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Overview of a Urinalysis
A urinalysis is used for several different purposes and is one of the most common medical tests performed. The test may often be ordered at routine check ups, upon hospital admission, and/or if the physician is checking for something specific. However, handling of the specimen of urine is very important. Urine that is stored too long or stored improperly before testing is not considered viable. Storage requirements for urine is usually dependent on why the test is being performed and how the specimen was obtained.
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Storage procedures for urine specimens to be analyzed are of high importance. If not handled properly, contamination can often result. Some of the most common storage procedures for the specimen is to refrigerate or put the specimen on ice. This is especially so if the urinalysis can not be performed immediately. While methods will vary among the individual lab setting and what is being screened for, this is a universal practice. Urine that can not be tested within a short time frame should be preserved to reduce microbial growth that can result in contamination of the specimen.
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As previously mentioned, the length of time urine can be stored before the testing is performed for a urinalysis can be dependent on many factors. Some specific tests are analyzed by utilizing what is known as a reagent strip. These strips are dipped in the urine briefly and results are read by means of an automated machine and/or color changes. Performing a urinalysis with this method may require that the specimen be tested within one hour of collecting, depending on what the physician is looking for. According to Cornell University, a urine specimen can be held for up to twelve hours, providing that it has been refrigerated. In addition to time restraints, temperature of the urine can also play a critical role in the end test result. Refrigerated specimens must be allowed to become room temperature before testing.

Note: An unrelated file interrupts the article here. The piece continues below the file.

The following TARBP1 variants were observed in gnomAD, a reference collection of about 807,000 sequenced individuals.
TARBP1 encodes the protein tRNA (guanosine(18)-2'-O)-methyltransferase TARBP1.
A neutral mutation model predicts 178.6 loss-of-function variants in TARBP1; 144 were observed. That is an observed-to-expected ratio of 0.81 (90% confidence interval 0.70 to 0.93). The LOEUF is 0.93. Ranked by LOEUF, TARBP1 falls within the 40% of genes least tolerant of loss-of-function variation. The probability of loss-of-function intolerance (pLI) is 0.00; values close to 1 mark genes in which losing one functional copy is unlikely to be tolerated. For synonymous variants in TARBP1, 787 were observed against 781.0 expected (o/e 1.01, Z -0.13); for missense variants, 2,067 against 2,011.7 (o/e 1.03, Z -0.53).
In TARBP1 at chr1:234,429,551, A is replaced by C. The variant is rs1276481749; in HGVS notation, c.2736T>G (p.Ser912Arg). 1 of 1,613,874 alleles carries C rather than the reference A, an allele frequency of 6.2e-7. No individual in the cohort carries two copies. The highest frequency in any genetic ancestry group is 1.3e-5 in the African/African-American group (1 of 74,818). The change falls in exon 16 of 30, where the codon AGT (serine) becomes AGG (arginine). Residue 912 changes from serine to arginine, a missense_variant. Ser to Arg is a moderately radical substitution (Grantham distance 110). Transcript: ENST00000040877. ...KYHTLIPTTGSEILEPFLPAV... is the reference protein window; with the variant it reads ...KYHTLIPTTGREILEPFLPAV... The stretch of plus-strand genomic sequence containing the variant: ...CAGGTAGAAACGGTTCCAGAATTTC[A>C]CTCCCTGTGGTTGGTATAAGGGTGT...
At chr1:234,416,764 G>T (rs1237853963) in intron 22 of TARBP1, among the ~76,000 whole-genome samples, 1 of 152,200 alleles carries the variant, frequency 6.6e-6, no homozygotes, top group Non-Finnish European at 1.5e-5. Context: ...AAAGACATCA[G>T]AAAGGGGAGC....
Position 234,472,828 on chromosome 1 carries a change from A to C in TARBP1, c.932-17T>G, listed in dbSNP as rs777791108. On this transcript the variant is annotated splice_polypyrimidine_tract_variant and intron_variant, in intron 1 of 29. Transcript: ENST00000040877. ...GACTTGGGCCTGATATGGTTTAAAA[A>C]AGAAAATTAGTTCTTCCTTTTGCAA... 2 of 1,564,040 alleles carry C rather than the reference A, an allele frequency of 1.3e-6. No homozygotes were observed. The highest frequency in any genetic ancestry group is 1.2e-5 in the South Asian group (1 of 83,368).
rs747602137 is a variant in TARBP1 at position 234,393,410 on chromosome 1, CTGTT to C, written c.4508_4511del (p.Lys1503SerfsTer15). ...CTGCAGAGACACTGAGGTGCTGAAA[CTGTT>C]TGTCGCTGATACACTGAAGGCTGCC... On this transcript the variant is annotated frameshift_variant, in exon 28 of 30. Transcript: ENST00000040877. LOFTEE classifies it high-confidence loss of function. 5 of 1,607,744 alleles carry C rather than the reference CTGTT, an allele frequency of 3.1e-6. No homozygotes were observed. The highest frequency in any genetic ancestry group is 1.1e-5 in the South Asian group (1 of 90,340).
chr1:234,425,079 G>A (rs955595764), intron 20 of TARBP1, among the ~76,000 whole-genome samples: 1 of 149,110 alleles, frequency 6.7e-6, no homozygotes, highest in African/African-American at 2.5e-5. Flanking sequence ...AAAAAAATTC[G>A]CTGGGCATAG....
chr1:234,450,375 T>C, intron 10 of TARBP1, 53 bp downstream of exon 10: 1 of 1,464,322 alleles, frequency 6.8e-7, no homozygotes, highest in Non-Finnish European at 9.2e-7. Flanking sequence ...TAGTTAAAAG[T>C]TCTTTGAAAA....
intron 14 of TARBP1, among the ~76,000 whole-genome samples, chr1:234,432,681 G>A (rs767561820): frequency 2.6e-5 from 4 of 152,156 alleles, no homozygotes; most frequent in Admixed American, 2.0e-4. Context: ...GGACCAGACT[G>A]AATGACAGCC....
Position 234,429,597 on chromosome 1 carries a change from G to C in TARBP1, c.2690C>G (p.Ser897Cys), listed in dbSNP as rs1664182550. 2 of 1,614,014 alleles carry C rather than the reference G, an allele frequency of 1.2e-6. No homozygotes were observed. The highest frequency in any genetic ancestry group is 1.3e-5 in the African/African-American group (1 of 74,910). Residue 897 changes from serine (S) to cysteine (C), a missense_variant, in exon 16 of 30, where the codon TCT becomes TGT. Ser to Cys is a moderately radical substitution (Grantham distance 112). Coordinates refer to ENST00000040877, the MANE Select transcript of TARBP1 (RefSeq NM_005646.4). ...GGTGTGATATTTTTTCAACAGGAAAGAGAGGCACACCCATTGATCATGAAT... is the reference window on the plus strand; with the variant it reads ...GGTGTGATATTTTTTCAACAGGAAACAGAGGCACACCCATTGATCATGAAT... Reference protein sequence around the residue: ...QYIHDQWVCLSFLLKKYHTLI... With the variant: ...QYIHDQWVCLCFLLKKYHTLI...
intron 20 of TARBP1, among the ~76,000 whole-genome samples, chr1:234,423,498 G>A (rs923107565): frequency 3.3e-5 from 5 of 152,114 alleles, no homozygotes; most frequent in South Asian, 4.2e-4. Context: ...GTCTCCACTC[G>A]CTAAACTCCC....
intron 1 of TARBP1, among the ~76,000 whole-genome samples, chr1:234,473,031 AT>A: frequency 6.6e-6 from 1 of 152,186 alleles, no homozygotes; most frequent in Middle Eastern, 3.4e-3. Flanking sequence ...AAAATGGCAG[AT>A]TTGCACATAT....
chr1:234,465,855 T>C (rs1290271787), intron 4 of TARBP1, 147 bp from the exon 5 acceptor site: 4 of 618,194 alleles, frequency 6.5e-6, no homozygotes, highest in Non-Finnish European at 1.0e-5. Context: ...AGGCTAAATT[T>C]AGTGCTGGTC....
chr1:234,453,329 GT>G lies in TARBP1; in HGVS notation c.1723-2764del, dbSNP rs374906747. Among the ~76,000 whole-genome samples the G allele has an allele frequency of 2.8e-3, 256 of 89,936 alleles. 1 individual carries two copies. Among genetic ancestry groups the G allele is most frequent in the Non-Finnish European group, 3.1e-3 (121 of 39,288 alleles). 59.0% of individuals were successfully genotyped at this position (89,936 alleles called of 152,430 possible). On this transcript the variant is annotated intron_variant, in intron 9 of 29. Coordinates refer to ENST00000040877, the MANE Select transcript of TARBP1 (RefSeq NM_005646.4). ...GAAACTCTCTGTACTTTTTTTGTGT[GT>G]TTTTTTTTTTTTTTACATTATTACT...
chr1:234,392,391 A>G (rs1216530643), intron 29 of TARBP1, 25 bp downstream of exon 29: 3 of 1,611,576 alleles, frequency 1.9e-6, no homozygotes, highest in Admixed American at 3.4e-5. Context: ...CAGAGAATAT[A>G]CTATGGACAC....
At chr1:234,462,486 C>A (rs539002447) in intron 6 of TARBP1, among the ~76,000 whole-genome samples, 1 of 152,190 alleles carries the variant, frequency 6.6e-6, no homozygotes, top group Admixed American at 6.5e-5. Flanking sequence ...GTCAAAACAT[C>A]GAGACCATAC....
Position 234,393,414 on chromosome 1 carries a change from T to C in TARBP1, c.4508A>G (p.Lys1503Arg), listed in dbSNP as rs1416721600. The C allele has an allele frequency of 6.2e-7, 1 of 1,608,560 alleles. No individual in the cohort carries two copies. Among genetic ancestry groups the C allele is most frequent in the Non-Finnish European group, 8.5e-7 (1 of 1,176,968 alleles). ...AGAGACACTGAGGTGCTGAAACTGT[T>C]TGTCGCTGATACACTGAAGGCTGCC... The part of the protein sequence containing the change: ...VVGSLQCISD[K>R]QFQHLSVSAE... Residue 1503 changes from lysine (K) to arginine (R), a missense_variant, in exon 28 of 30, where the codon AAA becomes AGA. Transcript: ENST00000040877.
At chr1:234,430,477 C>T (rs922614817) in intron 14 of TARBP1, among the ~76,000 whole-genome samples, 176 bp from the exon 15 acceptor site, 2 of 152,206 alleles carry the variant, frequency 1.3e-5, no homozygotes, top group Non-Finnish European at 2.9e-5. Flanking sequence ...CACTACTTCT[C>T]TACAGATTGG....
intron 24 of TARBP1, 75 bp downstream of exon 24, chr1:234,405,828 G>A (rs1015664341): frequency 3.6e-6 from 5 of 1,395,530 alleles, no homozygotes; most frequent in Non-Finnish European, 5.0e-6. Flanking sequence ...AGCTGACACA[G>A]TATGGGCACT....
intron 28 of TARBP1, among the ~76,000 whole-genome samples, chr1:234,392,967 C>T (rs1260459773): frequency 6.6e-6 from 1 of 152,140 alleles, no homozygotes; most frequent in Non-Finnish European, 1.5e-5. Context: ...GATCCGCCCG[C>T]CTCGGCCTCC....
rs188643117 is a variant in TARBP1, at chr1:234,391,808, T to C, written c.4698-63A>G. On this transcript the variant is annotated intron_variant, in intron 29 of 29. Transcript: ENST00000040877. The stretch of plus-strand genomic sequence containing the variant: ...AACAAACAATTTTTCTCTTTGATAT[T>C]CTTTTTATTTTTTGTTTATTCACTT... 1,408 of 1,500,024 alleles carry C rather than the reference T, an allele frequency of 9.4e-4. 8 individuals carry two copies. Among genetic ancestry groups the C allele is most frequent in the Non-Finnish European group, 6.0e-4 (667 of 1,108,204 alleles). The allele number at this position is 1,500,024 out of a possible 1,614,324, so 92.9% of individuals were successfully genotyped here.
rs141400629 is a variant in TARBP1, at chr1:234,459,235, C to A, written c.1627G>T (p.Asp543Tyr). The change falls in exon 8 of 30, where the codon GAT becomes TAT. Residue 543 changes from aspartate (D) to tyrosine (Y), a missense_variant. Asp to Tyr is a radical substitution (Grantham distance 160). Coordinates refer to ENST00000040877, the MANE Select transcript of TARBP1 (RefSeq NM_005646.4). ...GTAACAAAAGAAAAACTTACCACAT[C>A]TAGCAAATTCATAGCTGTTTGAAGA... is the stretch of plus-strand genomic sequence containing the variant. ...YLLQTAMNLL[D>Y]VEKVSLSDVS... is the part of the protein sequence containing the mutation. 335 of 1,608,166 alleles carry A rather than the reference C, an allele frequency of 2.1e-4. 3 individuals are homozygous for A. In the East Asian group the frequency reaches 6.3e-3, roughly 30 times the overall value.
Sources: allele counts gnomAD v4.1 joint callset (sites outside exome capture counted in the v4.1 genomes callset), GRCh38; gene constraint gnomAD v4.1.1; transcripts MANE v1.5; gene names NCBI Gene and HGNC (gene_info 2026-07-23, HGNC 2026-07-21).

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The urinalysis is used as a diagnostic tool in many regards. Collection methods, times, and other pertinent information are fairly stable but will vary by the facility. In some instances, the patient may even be able to collect his or her own urine at home and take to the lab or physicians office. In this case, urine should be immediately taken to the particular facility. Those that are unsure should ask their physician how long the urine can be stored before the testing is performed for the urinalysis.
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Austin Community College. Kotrla, Terry. MS, MT(ASCP). Examination of Urine. Viewed 17, May 2010. http://www.austincc.edu/mlt/phb_Urinalysis.ppt.
Cornell University. Routine Urinalysis. Viewed 17, May 2010. http://diaglab.vet.cornell.edu/clinpath/modules/ua-rout/TIME.HTM. http://diaglab.vet.cornell.edu/clinpath/modules/ua-rout/ua-rout.htm.
Lab Tests Online. Urinalysis: The Test. Modified 30, March 2009. Viewed 17, May 2010. http://www.labtestsonline.org/understanding/analytes/urinalysis/test.html.